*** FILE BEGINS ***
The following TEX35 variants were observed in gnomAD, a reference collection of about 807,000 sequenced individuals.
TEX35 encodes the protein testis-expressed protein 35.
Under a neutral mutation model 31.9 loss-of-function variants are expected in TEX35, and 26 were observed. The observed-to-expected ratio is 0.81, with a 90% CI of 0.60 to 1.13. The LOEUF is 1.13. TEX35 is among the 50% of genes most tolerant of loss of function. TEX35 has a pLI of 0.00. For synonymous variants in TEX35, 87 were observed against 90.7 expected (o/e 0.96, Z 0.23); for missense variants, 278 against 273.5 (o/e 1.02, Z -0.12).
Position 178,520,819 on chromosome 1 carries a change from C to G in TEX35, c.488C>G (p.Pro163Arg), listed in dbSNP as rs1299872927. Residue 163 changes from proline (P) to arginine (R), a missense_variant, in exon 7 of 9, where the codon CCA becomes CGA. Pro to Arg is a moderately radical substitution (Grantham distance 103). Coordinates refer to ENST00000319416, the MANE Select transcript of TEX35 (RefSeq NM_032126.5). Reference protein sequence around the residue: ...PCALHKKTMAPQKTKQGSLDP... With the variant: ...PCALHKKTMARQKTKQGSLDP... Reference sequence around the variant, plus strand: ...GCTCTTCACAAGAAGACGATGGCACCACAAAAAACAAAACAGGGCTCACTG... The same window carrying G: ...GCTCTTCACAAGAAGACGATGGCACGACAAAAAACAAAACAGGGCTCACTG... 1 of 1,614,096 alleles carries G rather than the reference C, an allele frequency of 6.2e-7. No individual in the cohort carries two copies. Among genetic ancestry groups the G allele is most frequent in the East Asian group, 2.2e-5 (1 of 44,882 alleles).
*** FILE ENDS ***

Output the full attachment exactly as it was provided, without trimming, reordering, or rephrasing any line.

The following TEX35 variants were observed in gnomAD, a reference collection of about 807,000 sequenced individuals.
TEX35 encodes the protein testis-expressed protein 35.
Under a neutral mutation model 31.9 loss-of-function variants are expected in TEX35, and 26 were observed. The observed-to-expected ratio is 0.81, with a 90% CI of 0.60 to 1.13. The LOEUF is 1.13. TEX35 is among the 50% of genes most tolerant of loss of function. TEX35 has a pLI of 0.00. For synonymous variants in TEX35, 87 were observed against 90.7 expected (o/e 0.96, Z 0.23); for missense variants, 278 against 273.5 (o/e 1.02, Z -0.12).
Position 178,520,819 on chromosome 1 carries a change from C to G in TEX35, c.488C>G (p.Pro163Arg), listed in dbSNP as rs1299872927. Residue 163 changes from proline (P) to arginine (R), a missense_variant, in exon 7 of 9, where the codon CCA becomes CGA. Pro to Arg is a moderately radical substitution (Grantham distance 103). Coordinates refer to ENST00000319416, the MANE Select transcript of TEX35 (RefSeq NM_032126.5). Reference protein sequence around the residue: ...PCALHKKTMAPQKTKQGSLDP... With the variant: ...PCALHKKTMARQKTKQGSLDP... Reference sequence around the variant, plus strand: ...GCTCTTCACAAGAAGACGATGGCACCACAAAAAACAAAACAGGGCTCACTG... The same window carrying G: ...GCTCTTCACAAGAAGACGATGGCACGACAAAAAACAAAACAGGGCTCACTG... 1 of 1,614,096 alleles carries G rather than the reference C, an allele frequency of 6.2e-7. No individual in the cohort carries two copies. Among genetic ancestry groups the G allele is most frequent in the East Asian group, 2.2e-5 (1 of 44,882 alleles).